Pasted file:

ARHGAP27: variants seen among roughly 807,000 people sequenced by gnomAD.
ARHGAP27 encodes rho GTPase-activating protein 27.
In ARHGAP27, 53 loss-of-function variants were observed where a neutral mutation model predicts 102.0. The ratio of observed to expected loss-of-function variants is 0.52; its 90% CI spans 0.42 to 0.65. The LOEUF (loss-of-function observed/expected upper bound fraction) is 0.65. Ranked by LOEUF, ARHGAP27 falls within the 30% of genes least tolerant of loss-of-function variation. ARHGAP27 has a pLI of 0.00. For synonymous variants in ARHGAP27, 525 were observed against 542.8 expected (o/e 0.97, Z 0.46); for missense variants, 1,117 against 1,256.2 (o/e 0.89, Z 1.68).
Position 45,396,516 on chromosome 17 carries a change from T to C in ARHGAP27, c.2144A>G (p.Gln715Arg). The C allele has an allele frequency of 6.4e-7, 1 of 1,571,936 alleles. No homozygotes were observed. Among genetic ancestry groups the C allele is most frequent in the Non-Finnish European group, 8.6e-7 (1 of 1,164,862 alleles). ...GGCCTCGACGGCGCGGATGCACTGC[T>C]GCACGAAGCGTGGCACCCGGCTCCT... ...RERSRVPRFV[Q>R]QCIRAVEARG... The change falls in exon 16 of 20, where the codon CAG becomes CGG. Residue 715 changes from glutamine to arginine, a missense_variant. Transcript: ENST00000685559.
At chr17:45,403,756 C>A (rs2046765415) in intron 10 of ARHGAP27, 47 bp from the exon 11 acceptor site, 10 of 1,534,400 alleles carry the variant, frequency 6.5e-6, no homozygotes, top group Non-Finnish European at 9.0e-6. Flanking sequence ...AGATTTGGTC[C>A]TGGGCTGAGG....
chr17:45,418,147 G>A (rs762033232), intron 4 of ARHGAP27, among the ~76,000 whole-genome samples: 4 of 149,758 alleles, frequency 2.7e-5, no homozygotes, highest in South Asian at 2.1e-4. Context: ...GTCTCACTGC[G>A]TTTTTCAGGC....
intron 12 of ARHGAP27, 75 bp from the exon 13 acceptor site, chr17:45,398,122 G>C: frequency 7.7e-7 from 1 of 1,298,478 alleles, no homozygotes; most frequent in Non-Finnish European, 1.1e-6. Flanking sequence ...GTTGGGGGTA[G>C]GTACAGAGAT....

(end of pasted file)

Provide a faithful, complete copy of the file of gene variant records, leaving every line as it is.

ARHGAP27: variants seen among roughly 807,000 people sequenced by gnomAD.
ARHGAP27 encodes rho GTPase-activating protein 27.
In ARHGAP27, 53 loss-of-function variants were observed where a neutral mutation model predicts 102.0. The ratio of observed to expected loss-of-function variants is 0.52; its 90% CI spans 0.42 to 0.65. The LOEUF (loss-of-function observed/expected upper bound fraction) is 0.65. Ranked by LOEUF, ARHGAP27 falls within the 30% of genes least tolerant of loss-of-function variation. ARHGAP27 has a pLI of 0.00. For synonymous variants in ARHGAP27, 525 were observed against 542.8 expected (o/e 0.97, Z 0.46); for missense variants, 1,117 against 1,256.2 (o/e 0.89, Z 1.68).
Position 45,396,516 on chromosome 17 carries a change from T to C in ARHGAP27, c.2144A>G (p.Gln715Arg). The C allele has an allele frequency of 6.4e-7, 1 of 1,571,936 alleles. No homozygotes were observed. Among genetic ancestry groups the C allele is most frequent in the Non-Finnish European group, 8.6e-7 (1 of 1,164,862 alleles). ...GGCCTCGACGGCGCGGATGCACTGC[T>C]GCACGAAGCGTGGCACCCGGCTCCT... ...RERSRVPRFV[Q>R]QCIRAVEARG... The change falls in exon 16 of 20, where the codon CAG becomes CGG. Residue 715 changes from glutamine to arginine, a missense_variant. Transcript: ENST00000685559.
At chr17:45,403,756 C>A (rs2046765415) in intron 10 of ARHGAP27, 47 bp from the exon 11 acceptor site, 10 of 1,534,400 alleles carry the variant, frequency 6.5e-6, no homozygotes, top group Non-Finnish European at 9.0e-6. Flanking sequence ...AGATTTGGTC[C>A]TGGGCTGAGG....
chr17:45,418,147 G>A (rs762033232), intron 4 of ARHGAP27, among the ~76,000 whole-genome samples: 4 of 149,758 alleles, frequency 2.7e-5, no homozygotes, highest in South Asian at 2.1e-4. Context: ...GTCTCACTGC[G>A]TTTTTCAGGC....
intron 12 of ARHGAP27, 75 bp from the exon 13 acceptor site, chr17:45,398,122 G>C: frequency 7.7e-7 from 1 of 1,298,478 alleles, no homozygotes; most frequent in Non-Finnish European, 1.1e-6. Flanking sequence ...GTTGGGGGTA[G>C]GTACAGAGAT....